In 1948 he was convicted of homosexual acts (which were illegal at the time in the Soviet Union) with a KGB officer named Nikolai Mikava in Tbilisi. He was sentenced to five years in prison, but was amnestied after being incarcerated for three months.[2]

In 1950 Parajanov married his first wife, Nigyar Kerimova in Moscow. She came from a Muslim Tatar family and converted to Eastern Orthodox Christianity to marry Parajanov, to terrible consequences: she was later murdered by her relatives in retaliation for her conversion. As a result of this tragic event Parajanov left Russia for Kiev, Ukraine. There he produced a few documentaries (Dumka, Golden Hands, Natalia Uzhvy) and a handful of narrative films: Andriesh (based on the fairy tale by Moldovan writer Emilian Bukov), The Top Guy (a collective farm musical), Ukrainian Rhapsody (a wartime melodrama), and Flower on the Stone (about a religious cult infiltrating a mining town in the Donets Basin). He learned and became fluent in Ukrainian and remarried (with Svitlana Ivanivna Shcherbatiuk) in 1956. Shcherbatiuk gave him a son (Suren, 1958).

Break from Soviet Realism

Tarkovsky's first film Ivan's Childhood had an enormous impact on Parajanov's self-discovery as a filmmaker of genius (later the influence became mutual, they were also close friends). In 1964 he abandoned socialist realism and directed the poetic Shadows of Forgotten Ancestors, his first film in which he had complete creative control and which won numerous international awards. Unlike the subsequent The Color of Pomegranates, it was relatively well-received by the Soviet authorities. The Script Editorial Board at Goskino of Ukraine praised the film for “conveying the poetic quality and philosophical depth of M. Kotsiubynsky’s tale through the language of cinema” and called it “a brilliant creative success of the Dovzhenko studio.”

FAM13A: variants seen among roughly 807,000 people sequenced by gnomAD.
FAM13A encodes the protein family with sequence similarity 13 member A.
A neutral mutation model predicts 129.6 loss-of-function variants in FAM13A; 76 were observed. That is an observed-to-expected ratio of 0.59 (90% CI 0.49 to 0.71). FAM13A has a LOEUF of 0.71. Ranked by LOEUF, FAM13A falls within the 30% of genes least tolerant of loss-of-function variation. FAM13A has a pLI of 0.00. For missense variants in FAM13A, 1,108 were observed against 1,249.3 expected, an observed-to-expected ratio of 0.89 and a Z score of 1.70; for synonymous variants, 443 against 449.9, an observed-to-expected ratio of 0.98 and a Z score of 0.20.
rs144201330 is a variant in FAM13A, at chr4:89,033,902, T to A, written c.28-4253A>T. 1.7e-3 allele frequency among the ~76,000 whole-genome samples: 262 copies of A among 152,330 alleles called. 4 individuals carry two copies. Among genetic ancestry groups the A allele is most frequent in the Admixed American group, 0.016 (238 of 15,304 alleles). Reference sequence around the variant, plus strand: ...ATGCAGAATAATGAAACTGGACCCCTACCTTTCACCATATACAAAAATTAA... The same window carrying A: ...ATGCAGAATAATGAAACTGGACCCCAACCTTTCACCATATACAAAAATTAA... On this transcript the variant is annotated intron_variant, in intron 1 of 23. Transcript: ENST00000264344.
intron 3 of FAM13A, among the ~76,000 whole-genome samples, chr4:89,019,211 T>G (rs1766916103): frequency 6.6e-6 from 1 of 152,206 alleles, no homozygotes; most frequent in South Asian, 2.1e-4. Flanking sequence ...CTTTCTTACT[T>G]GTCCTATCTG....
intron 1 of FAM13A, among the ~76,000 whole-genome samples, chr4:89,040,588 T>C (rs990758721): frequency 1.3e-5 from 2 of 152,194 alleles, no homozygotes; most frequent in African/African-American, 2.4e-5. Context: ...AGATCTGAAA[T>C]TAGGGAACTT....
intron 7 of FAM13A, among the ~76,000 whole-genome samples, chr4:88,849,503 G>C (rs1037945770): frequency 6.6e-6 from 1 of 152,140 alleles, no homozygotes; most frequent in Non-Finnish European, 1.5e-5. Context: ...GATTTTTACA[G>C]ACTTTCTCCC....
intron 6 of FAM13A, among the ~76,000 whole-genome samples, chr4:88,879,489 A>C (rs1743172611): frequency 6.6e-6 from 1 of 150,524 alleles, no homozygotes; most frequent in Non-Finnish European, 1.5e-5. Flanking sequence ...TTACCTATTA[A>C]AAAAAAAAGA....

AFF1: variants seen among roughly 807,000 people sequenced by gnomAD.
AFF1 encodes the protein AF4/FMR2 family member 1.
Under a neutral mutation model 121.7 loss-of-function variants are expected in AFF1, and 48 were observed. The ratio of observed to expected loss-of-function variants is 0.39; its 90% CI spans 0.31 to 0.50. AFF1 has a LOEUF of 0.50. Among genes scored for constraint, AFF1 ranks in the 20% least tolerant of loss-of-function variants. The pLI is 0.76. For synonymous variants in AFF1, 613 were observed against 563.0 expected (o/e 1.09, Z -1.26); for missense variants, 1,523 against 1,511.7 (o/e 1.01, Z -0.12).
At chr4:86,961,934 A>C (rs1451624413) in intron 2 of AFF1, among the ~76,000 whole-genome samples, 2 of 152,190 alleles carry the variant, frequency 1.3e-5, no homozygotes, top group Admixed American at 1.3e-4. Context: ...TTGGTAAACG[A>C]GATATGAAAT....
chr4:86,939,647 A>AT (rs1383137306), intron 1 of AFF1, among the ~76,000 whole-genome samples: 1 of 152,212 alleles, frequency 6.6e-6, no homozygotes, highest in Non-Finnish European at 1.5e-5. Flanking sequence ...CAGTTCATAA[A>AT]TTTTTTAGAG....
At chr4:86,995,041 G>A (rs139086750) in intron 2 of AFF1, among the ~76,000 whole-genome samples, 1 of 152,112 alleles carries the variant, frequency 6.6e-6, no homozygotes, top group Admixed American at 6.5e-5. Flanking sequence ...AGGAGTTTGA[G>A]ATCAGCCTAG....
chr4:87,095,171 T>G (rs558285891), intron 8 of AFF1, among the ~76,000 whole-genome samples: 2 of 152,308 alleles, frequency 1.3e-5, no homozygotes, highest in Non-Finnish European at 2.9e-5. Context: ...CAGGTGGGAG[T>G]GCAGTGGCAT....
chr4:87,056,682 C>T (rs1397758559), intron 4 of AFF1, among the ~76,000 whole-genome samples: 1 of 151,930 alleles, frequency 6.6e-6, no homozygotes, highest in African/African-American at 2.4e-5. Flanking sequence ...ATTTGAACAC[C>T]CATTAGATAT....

Moscow also agreed to Goskino of Ukraine's request to release the film with its original Ukrainian soundtrack intact rather than re-dub the dialogue into Russian for Soviet-wide release, in order to preserve its uniquely Ukrainian flavor.[3] (Russian dubbing was standard practice at that time for non-Russian Soviet films when they were distributed outside the republic of origin.) The film became famous worldwide because Parajanov authentically recreated a forgotten world (the story takes place in the wilderness of the Ukrainian Carpathians, which might seem completely alien for ordinary Western audiences). Also, his use of colors, costumes, music and camerawork was essential in both telling a story visually and inspiring the viewer's awe.